Before I go further I want to emphasise that the research study I refer to is not an excuse to refuse vaccination: not everyone has the pre-existing immunity (obviously!).

The idea of exposure to a harmless virus providing protection to a harmful goes back to the first vaccines when deliberate infection with the cowpox virus provided immunity from smallpox. Very early in the pandemic there was speculation that exposure to other cornaviruses might provide protection against SARS-CoV-2. The pre-publication study by teams from several major research groups on the Nature site found that a small proportion had such protection.

The scientists were closely monitoring hospital staff during the first wave of the pandemic – including by taking regular blood samples.

Despite being in a high-risk environment, not everyone in the study came down with Covid. The results, published in the journal Nature, showed some people just managed to avoid the virus.

But around one-in-10 had signs of being exposed, but never had symptoms, never tested positive and never developed Covid-fighting antibodies in their blood.

Part of their immune system was able to get on top of the virus before it managed to take hold – what’s known as an “abortive infection”.…

To understand what is happening we have to look at the body’s immune responses to viruses and the specifics of the COVID-causing virus.

When an viral infection challenges the body the immune system responds. We are familiar with the idea that antibodies are produced to neutralise the antigen (the virus). There are a number of other responses including the production of “memory T” cells among others. The antibodies fade over time but these other responses “train” the immune system to produce the right antibodies etc to either stop (“abort” ) infection or make any disease caused by the virus milder.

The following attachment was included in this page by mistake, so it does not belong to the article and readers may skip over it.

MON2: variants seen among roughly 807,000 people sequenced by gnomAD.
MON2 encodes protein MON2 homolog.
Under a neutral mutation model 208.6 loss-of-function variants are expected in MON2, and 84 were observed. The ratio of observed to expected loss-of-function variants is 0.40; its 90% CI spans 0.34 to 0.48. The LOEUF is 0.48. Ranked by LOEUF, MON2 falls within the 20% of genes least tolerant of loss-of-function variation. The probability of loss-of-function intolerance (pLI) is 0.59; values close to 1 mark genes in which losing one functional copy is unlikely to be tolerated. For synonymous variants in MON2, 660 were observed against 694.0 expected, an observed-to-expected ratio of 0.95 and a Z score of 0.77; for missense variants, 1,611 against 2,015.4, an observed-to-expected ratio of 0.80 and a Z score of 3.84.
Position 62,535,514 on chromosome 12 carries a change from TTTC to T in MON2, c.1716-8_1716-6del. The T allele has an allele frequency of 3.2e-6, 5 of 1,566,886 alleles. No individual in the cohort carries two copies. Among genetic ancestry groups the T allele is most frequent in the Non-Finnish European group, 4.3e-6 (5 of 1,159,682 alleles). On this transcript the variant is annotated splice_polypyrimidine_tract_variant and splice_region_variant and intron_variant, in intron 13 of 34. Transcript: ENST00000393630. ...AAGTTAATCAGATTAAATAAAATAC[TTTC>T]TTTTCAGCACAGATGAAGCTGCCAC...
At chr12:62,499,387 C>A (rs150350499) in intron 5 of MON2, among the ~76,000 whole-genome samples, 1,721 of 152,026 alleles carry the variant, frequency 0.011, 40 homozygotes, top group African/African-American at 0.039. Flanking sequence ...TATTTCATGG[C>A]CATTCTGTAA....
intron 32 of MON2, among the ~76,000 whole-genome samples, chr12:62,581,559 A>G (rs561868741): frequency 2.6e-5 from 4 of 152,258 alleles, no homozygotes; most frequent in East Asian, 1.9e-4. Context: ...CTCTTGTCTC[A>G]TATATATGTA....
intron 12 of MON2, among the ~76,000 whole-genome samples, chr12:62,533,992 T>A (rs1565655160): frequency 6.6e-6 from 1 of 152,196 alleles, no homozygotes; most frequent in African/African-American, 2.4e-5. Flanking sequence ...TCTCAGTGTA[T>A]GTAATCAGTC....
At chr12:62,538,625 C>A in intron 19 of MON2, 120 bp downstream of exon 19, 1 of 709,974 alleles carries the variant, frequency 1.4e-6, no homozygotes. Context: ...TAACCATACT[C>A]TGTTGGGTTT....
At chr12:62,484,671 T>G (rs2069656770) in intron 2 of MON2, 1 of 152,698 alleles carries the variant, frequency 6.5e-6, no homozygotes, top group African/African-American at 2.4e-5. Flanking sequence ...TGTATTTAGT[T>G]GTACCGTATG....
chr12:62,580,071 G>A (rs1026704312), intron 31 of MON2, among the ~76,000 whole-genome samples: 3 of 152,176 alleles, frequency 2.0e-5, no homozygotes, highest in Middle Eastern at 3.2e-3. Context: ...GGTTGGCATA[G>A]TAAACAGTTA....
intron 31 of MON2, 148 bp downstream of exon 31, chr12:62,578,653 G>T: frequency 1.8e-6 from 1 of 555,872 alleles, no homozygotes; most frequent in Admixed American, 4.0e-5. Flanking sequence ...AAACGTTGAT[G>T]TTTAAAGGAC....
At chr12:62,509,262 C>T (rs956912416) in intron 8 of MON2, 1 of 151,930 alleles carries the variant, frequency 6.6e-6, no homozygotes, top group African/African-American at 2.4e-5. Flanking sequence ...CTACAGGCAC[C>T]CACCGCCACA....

Another buzz-word we are all too familiar with is the “spike protein”. The picture shows these as the red floret-like structures on the surface of the virus. The purpose of these are to be able to attach to the cell membrane and open a route for the virus’s RNA to pass from its protective “corona” into the cell and infect it.

The COVID vaccines and antibody tests target this spike protein, or rather sections of it. The vaccine stimulates the body to produces antibodies that “clog up” the spike and generate the other immune responses but only to the spike protein. An  infection by SARS-CoV-2 also generates these responses to the other parts of the virus like the shell and the RNA nucleus. There are 27 other proteins beside the spike.

Animal cells are quite bad at replicating RNA viruses as most do not have a “spellcheck” mechanism. To quote an old joke, they play “all the right notes but not necessarily in the right order”, although a few bum notes are also played. Large numbers of different variations can be expected. Some mutations will render the virus unable to infect. Some will give it a competitive advantage against earlier versions, as we have seen with the Alpha and Delta variants. Some will enable the virus to attach to and infect the cells of different species from the original host in which it may or may not produce disease.The AstraZeneca vaccine for example is based on a chimp flu virus that is harmless to humans.

As the BBC article points out

These internal proteins are very similar in all related species of coronavirus, including the ones that are widespread and cause common cold symptoms.

It means targeting these proteins with a vaccine could give some protection against all coronaviruses and new Covid variants.

The team said the current vaccines were doing an excellent job of preventing people from becoming severely ill, but were not as good at stopping them catching Covid.

The hope is that vaccines to target other parts of the virus will stop infection in the first place. The healthcare workers in the subject group have likely been exposed to wide range of other human viruses including the four coronaviruses that cause the common cold. Domestic pets and farm animals also  harbour their own coronaviruses.

The COVID-19  pandemic has been traumatic for many countries but the understanding of viruses in general has developed and the knowledge will aid fighting future emergent diseases.

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This is a Creative Commons article. The original version of this article appeared here.


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